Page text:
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Headlines for Friday, September 7, 2018

Grand Jury Examination of Kobach's Office Might Not Start for Months

LAWRENCE, Kan. (AP) — Court procedures are likely to delay a Douglas County grand jury investigation into Secretary of State Kris Kobach's office until well after the fall election. A Lawrence man, Steven Davis, who gathered enough signatures to force the investigation, contends Kobach's office didn't register some people who tried to register online. Kobach denies that claim. The Kansas Supreme Court last week declined to consider the issue, meaning an appeals court ruling approving the grand jury stands. Supreme Court spokeswoman Lisa Taylor says it would be late this month before the appeals court sends a mandate to the Douglas County District Court ordering a grand jury be convened. Kansas Public Radio reports after county court receives the order, the process of alerting potential jurors will begin. That process typically takes months.

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Kansas Environmentalists Decry Order on Injection Wells

TOPEKA, Kan. (AP) — Kansas utility regulators have rejected environmentalists' request that more than 2,100 permits for injection wells be revoked because some of them did not follow regulations on the amount of time the public has to protest the projects. The Kansas Corporation Commission on Thursday said in an order that such a small percentage of the permits had incorrect legal notices that it had an insignificant effect. The commission said less than 3 percent of the legal notices incorrectly showed 15-day public protest periods instead of the required 30-day notice, The Topeka Capital-Journal reported . The commission's assistant attorney, Michael Duenes, said the order noted it was the responsibility of the interested parties to know they had 30 days to comment. Duenes said between 24 and 29 permits out of 1,007 at issue in the order were granted before the 30-day comment period expired. He said the record contains no evidence that any person with a substantial interest in specific permits was hurt by the permits being approved. Environmentalists who attended the commission meeting said the decision shows the Kansas Legislature must get involved. Cindy Hoedel, an activist who filed complaints about the incorrect legal notices oil and gas companies were publishing, said allowing the permits because only a small number were done incorrectly is "an odd standard." She said concerns about whether injecting wastewater into the wells is causing an increase in earthquakes in Kansas are real.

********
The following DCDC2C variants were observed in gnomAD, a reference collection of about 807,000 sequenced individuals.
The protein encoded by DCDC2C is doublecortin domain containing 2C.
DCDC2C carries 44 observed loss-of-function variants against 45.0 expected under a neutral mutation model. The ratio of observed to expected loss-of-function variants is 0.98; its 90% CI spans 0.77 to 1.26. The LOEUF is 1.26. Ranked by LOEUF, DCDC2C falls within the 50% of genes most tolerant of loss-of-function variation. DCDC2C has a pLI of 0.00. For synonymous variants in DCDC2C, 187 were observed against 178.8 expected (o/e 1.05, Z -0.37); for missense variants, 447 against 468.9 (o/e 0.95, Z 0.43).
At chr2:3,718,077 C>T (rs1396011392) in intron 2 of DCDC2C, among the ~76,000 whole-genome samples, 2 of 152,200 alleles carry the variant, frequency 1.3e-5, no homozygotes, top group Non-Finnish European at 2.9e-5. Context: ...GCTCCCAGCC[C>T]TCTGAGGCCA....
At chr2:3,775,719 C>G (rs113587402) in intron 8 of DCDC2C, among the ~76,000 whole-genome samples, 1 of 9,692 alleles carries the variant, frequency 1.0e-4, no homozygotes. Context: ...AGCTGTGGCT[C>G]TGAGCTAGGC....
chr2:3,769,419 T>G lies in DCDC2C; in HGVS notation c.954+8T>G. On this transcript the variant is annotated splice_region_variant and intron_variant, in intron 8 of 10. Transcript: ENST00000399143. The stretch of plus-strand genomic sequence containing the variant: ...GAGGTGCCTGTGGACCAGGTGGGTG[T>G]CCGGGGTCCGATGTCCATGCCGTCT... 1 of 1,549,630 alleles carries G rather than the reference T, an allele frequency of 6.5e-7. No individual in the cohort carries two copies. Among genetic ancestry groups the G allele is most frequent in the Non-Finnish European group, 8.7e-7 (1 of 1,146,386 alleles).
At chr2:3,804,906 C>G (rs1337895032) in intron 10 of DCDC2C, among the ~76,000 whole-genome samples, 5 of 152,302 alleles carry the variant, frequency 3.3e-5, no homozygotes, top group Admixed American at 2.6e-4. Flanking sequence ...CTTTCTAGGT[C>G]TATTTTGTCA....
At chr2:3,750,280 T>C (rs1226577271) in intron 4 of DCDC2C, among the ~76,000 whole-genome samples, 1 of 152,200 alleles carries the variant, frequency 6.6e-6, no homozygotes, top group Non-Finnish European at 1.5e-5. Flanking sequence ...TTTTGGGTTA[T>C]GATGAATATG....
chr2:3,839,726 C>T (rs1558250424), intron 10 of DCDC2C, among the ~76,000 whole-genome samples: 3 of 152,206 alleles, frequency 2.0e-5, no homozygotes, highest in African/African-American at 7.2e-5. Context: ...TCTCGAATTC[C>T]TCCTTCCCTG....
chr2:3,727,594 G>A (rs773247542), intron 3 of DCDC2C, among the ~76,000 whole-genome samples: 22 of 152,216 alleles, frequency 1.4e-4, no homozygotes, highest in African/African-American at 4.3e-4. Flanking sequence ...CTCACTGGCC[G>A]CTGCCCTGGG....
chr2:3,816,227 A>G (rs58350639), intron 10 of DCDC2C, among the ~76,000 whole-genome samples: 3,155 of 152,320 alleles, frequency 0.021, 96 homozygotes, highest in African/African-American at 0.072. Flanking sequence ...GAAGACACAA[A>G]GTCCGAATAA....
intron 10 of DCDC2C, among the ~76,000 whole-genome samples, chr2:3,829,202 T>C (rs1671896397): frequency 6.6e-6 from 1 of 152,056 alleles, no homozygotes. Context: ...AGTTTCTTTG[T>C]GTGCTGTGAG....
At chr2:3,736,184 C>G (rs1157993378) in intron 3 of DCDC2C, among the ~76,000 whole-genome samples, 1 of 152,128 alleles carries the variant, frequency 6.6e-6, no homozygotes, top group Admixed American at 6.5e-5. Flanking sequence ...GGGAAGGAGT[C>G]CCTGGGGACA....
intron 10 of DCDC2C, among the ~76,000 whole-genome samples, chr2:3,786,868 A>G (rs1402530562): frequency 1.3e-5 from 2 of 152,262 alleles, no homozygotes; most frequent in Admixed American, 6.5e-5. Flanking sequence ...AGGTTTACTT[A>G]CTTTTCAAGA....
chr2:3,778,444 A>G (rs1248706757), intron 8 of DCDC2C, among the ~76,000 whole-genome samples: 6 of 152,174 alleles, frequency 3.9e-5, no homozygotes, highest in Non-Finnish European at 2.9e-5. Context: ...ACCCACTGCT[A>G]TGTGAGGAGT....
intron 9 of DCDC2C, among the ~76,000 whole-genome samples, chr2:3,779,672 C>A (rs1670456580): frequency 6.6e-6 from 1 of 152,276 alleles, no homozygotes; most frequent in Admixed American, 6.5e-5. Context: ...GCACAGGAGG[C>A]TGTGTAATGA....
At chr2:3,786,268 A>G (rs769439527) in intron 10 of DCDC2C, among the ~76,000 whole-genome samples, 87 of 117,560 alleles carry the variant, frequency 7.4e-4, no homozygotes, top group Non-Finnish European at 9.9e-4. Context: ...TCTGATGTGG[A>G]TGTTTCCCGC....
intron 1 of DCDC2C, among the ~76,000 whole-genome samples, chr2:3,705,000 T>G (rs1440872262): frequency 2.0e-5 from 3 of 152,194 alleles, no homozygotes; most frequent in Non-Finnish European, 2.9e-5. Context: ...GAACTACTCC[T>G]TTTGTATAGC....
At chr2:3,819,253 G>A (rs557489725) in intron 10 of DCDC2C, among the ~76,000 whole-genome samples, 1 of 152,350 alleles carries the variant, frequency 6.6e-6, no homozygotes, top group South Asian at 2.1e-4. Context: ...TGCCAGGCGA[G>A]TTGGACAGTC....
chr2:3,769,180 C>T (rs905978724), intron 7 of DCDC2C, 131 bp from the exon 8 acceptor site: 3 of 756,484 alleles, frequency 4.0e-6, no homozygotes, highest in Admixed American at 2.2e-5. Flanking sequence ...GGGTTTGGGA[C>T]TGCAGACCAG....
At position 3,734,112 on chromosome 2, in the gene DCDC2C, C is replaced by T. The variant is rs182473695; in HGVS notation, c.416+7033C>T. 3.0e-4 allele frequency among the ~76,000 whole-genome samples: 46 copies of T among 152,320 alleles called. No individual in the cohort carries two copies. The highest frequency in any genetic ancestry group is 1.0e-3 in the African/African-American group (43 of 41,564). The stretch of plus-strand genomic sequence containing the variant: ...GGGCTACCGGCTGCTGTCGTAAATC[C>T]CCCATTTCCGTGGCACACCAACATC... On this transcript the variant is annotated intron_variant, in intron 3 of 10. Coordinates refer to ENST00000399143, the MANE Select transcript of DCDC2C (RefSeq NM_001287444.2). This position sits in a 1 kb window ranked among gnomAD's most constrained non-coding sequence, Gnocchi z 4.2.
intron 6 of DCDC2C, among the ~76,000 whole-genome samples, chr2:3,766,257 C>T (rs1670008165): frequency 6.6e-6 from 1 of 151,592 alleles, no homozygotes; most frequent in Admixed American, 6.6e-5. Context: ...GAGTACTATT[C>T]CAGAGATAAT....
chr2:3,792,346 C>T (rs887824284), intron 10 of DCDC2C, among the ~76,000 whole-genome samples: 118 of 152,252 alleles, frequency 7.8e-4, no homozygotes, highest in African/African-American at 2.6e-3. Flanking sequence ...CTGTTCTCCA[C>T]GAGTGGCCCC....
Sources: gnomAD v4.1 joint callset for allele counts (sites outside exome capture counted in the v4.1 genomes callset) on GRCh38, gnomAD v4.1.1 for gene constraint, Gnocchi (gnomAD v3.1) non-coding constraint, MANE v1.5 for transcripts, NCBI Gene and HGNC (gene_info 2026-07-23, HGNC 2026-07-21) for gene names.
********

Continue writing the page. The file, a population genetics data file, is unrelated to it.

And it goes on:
"Are you going to let 3 percent of bank robbers not go to jail because it's only 3 percent of the total?," she said. "I think it's a very odd argument. It's clear there's a culture of secrecy and pro-industry bias at the KCC, and it's going to take the Legislature to get involved to protect Kansans."

Mike Schmidt, an engineer, said during more than 40 years he has had to follow all legal technicalities and he was upset that oil and gas companies aren't being held to the same standard. 

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Rookie Officer Says She Meant to Stun Man but Shot Him Instead

LAWRENCE, Kan. (AP) — A rookie Kansas police officer charged in a shooting that wounded a man told investigators that she intended to fire her Taser but instead used her firearm.  The Lawrence Journal-World reports that an affidavit released Thursday in the case against Lawrence Officer Brindley Blood says she didn't realize she had shot Akira Lewis until she looked for the Taser wires to see if they had hit their mark and realized there weren't any.  Blood was charged last month with aggravated battery in the May 29 shooting. The affidavit says it happened after a fellow officer pulled Lewis over for a suspected seat-belt violation, and Lewis refused to cooperate. Lewis is accused of hitting another officer before he was shot. He was treated at a hospital and charged with several misdemeanors.

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Kansas Man Charged with Killing Woman Aboard Cruise Ship